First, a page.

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Should Colleges Teach a Course on the Occupy Movement?

What is the Value of a Separate Course on the Occupy Movement?

Last week Chicago’s Roosevelt University announced it is now offering a class on the recent Occupy Wall Street movement, allowing students to enroll in an up-to-date political science course that tries to examine the protest campaign that has spread across the US and the globe.

Jeff Edwards, an associate professor of political science and an expert in social movements, will instruct students with a curriculum that he says will examine essays and articles about the Occupy movement, including pieces penned by the protesters themselves. In New York, demonstrators launched the Occupied Wall Street Journal. In the nation’s capital, it was the Occupied Washington Post. Protest hubs in both cities have been raided by law enforcement, but nearly five months in the movement appears to "still have legs".

“It is exciting and timely to look at a movement as it unfolds in its early years,” Edwards says on the Roosevelt website. To watch the movement grow, he says that his students will attend General Assembly meetings of the Occupy Chicago protests, in addition to studying text that examine the ties between corporate greed and inequality in America.

I’m all for teaching about corporate greed and inequality in America and the original goals of the movement, but those goals have since been co-opted by other groups with their own agendas. Lately we have been witnessing disruptions and even violence at events that occupiers don't like with messages they don't agree with. The occupiers claim it is an exercise in civil disobedience. The problem is oftentimes there is nothing "civil" about their behavior.

From a professorial point of view I have to ask: Wouldn’t it be more pedagogically sound to teach about corporate greed and inequality in America in the context of the study of capitalism as a moral system according to Adam Smith or Ayn Rand’s objectivism?

So far 32 students have signed up for Professor Edwards’ class, Political Science 390, Special Topics in Political Science: Occupy Everywhere. He discusses the objectives of the course in an interview with CNN. In the video a student is asked whether she believes the “Occupy Movement” is as important to society as the civil rights movement and the sexual revolution. Of course the answer is “yes”. This really overstates the importance of the movement that started with the best of intentions to criticize greed in corporate America and the Wall Street banks that brought on the financial meltdown in 2008. Recently the movement has morphed into providing a platform for all kinds of grievances including the need to expand social programs.

Equating the Occupy Movement with other movements that have promoted equal rights for all citizens regardless of color or gender also belittles these humanitarian struggles that have advanced our nation as a civil society and provided lasting change. How can we possibly equate a movement that started just a few months ago with seminal events such as the civil rights movement and the sexual revolution? In the video Professor Edwards is asked whether he thinks the course he is offering will be offered five years from now. He answers “I think so”.

The question is how can a university agree to offer a course that purports to represent a movement based on thinking it still will be offered in five years? How can a university squander resources on teaching something that really should be discussed in a broader course that examines a variety of opinions and in a historical context?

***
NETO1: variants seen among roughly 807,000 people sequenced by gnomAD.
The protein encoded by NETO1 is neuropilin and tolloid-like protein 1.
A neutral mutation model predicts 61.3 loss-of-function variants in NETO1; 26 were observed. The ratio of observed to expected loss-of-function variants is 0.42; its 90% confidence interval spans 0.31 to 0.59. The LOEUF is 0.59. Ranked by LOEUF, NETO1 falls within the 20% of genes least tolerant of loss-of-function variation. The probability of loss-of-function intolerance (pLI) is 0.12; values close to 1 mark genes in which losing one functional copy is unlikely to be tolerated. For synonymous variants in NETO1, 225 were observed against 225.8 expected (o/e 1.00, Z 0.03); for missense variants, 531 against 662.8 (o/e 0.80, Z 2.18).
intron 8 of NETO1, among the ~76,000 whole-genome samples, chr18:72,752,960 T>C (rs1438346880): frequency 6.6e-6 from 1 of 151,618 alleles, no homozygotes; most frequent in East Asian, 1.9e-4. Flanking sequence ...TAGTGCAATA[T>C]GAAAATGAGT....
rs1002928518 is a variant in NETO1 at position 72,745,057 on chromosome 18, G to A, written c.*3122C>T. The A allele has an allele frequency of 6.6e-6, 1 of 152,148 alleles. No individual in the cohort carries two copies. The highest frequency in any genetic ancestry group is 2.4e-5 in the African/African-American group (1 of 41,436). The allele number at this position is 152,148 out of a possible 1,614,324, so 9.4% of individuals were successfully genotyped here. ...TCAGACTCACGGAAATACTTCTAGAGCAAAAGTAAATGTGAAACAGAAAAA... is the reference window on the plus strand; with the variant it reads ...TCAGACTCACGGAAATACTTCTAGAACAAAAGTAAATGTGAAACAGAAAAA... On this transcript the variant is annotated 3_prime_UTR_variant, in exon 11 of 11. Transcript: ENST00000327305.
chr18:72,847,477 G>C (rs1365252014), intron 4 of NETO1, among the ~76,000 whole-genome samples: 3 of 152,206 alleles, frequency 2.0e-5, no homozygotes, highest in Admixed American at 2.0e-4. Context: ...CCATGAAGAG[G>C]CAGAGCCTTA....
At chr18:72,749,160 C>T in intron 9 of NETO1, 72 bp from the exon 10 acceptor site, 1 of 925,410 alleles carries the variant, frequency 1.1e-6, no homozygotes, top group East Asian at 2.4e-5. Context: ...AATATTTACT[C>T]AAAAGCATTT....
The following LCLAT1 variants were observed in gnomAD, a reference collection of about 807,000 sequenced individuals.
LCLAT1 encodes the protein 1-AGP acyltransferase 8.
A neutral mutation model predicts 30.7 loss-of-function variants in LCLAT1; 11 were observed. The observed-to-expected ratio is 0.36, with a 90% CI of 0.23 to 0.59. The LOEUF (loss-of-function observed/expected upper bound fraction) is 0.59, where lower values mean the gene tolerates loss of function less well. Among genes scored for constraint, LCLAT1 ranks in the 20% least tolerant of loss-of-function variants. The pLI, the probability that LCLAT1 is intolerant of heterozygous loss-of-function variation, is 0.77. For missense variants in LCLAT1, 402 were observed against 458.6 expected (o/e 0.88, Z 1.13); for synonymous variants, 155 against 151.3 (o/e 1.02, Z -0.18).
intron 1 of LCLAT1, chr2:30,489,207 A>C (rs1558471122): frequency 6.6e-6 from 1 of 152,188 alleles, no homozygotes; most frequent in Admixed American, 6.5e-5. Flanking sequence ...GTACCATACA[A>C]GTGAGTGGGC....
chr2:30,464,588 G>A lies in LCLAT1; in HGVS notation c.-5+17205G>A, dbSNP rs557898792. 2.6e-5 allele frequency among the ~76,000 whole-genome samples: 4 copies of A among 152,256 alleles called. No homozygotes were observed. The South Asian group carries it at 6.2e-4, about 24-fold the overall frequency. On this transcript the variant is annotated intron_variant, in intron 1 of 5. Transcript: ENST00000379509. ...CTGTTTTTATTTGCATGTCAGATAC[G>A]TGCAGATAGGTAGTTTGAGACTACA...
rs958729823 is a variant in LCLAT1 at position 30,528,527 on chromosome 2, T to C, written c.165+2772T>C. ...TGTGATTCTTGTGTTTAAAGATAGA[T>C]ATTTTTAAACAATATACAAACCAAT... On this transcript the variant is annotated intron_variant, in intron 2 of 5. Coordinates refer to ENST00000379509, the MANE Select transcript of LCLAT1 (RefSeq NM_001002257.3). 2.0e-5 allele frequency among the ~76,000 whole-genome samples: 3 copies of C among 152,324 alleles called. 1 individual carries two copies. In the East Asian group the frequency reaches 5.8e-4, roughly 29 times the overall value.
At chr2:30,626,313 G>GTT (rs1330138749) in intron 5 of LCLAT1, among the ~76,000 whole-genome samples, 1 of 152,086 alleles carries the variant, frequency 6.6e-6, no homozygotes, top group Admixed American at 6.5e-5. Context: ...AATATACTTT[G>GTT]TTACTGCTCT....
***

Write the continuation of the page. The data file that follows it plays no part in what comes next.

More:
Over the past few years colleges and universities have been pushing the envelope further than ever before in order to teach something that may be of deep personal interest to a professor but that takes us further and further away from our core values and historical beginnings, all in the guise of being relevant to today’s student body. You may recall hearing about the course in Human Sexuality that was taught at Northwestern University by Michael Bailey. If you missed that one the course gained national attention when Professor Bailey invited students to witness a live sex act between a woman, her boyfriend and another woman in a campus building.

I suppose some professors believe that an in-your-face approach to teaching will gain the attention of today’s students who have become accustomed to viewing offensive behavior on You Tube or on reality TV. Perhaps some professors believe such an approach to teaching is necessary to garner student interest in what they teach. However, the real challenge for a professor is to teach societal core values that are main-stream to American culture in a historical context, in a thought-provoking way, and in an intellectually stimulating manner.    

According to Professor Edwards, part of the course readings are the occupy newsletters and social media. How can a college course be offered with such a dearth of epistemological support for its very being? As I thought about this question from a college professor’s perspective I had to wonder what was next. How about a course on the Tea Party? Hasn’t it done as much or more than the Occupy Movement to influence thought especially during this election cycle?

Then again if cooler minds prevailed the Occupy movement would be discussed in a course that addresses the original Tea Party – you know in Boston. Remember that one on December 16, 1773? The one that spawned the American Revolution and led to the mantra: No taxation without representation. Do we even teach about it anymore? The incident remains an iconic event of American history, and other political protests often refer to it. I wonder if Professor Edwards even mentions it in his “Occupy” course.

Blog posted by Steven Mintz, aka Ethics Sage, on February 13, 2012